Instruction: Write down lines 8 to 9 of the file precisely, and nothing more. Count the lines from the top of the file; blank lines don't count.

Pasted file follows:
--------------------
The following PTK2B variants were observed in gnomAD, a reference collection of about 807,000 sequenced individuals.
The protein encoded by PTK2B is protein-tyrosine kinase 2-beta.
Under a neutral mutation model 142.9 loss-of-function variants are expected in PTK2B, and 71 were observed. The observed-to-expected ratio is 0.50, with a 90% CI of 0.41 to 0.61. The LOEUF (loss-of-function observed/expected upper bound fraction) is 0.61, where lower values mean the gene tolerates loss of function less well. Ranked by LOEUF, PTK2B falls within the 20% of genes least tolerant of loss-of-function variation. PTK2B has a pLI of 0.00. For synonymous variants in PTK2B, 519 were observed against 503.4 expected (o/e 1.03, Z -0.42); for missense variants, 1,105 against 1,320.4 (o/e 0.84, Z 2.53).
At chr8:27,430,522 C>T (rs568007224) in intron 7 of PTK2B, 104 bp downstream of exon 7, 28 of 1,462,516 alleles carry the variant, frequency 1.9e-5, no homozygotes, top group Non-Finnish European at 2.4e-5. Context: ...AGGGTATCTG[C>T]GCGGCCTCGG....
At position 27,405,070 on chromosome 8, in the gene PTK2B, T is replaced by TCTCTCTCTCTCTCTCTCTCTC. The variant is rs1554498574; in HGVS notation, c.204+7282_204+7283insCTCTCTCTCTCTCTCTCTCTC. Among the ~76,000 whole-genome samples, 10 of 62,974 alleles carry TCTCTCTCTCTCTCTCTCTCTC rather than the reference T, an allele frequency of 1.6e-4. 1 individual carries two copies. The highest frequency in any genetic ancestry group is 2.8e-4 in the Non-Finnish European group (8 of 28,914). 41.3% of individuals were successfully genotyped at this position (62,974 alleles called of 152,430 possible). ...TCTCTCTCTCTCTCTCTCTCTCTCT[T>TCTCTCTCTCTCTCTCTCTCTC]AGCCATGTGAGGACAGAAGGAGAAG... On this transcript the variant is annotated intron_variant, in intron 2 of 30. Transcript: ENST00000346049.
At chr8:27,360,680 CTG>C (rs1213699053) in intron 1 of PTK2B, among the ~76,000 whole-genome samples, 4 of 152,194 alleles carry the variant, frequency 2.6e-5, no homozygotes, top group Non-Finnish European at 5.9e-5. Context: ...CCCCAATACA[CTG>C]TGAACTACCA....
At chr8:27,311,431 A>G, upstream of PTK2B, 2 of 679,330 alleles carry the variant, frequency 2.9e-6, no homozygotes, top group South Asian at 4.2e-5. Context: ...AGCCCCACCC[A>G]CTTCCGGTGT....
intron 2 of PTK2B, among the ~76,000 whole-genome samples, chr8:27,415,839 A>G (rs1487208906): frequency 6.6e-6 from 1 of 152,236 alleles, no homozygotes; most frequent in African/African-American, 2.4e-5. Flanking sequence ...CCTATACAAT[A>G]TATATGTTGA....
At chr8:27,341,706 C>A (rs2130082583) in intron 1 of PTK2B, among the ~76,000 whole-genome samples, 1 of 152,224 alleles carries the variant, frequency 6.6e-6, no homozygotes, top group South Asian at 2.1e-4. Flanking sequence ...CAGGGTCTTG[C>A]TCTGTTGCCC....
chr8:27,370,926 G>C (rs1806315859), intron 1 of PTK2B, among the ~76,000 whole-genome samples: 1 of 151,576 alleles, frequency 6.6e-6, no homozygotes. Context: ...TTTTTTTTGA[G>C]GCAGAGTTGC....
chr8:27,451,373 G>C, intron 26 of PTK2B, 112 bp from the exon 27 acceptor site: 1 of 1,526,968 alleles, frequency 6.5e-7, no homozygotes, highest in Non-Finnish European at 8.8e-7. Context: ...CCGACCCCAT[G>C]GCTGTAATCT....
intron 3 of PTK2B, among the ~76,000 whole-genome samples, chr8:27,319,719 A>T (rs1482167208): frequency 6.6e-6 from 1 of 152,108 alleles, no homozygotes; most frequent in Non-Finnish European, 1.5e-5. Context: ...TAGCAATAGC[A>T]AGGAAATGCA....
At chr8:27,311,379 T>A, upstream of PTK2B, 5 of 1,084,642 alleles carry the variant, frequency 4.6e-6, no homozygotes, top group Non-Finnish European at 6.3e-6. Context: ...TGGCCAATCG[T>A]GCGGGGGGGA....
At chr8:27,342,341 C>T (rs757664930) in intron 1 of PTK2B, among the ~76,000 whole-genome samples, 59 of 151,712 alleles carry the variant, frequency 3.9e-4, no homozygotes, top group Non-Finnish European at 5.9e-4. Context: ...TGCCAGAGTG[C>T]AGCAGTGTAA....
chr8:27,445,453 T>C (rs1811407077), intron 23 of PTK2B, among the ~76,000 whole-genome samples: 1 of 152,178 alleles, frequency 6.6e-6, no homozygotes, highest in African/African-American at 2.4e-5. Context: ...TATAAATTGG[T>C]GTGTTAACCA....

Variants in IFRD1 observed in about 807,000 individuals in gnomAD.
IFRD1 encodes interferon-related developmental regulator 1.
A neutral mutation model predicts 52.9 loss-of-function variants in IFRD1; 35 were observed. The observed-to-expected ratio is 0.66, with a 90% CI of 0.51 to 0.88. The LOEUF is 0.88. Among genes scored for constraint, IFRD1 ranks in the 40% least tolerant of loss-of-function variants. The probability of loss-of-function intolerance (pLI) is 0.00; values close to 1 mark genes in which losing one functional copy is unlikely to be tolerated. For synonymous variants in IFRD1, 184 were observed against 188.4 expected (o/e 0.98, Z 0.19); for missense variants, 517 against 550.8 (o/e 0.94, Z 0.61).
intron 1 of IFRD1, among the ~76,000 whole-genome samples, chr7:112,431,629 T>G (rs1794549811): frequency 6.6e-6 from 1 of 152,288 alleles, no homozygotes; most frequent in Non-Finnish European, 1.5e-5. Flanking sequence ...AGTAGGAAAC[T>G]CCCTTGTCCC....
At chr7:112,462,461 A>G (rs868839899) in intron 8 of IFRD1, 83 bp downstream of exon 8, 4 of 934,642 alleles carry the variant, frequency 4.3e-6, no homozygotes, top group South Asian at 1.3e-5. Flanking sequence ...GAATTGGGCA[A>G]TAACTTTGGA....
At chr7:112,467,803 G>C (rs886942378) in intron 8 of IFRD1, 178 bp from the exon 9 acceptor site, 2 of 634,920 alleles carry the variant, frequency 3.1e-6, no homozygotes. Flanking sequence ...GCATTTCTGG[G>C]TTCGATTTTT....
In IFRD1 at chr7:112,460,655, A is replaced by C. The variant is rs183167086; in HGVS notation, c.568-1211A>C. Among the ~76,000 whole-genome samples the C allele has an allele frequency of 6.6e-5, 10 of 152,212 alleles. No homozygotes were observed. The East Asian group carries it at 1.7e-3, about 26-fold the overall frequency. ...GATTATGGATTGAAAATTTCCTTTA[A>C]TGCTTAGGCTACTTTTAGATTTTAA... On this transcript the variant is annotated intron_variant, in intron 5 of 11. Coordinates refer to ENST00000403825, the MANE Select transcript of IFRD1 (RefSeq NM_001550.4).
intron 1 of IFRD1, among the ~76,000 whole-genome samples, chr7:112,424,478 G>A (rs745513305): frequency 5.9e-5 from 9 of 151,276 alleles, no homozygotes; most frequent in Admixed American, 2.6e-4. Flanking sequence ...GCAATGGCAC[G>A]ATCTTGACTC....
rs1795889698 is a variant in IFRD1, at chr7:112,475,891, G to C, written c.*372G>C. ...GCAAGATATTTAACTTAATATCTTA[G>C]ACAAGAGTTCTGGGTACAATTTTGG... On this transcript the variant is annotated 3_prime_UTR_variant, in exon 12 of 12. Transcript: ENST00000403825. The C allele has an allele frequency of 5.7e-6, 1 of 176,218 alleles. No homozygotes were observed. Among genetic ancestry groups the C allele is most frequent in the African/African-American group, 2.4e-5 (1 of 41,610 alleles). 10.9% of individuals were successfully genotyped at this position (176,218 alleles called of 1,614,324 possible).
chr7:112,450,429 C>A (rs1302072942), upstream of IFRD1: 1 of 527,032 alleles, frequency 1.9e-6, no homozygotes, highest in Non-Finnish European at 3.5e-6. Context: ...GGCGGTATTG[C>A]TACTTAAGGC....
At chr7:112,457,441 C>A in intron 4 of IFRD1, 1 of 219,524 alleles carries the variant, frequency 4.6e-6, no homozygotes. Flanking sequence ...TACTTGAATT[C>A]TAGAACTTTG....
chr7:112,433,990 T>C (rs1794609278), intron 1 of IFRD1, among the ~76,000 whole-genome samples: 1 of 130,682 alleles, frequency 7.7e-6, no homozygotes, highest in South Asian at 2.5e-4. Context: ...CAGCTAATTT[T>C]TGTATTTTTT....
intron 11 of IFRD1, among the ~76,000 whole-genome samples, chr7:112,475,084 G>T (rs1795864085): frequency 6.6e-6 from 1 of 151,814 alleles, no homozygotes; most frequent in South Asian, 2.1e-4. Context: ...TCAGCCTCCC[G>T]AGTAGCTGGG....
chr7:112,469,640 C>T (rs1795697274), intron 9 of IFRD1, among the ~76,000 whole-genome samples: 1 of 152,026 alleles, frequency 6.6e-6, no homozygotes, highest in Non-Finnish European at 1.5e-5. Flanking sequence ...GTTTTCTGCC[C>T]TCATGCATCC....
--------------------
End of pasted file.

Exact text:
intron 2 of PTK2B, among the ~76,000 whole-genome samples, chr8:27,415,839 A>G (rs1487208906): frequency 6.6e-6 from 1 of 152,236 alleles, no homozygotes; most frequent in African/African-American, 2.4e-5. Flanking sequence ...CCTATACAAT[A>G]TATATGTTGA....
At chr8:27,341,706 C>A (rs2130082583) in intron 1 of PTK2B, among the ~76,000 whole-genome samples, 1 of 152,224 alleles carries the variant, frequency 6.6e-6, no homozygotes, top group South Asian at 2.1e-4. Flanking sequence ...CAGGGTCTTG[C>A]TCTGTTGCCC....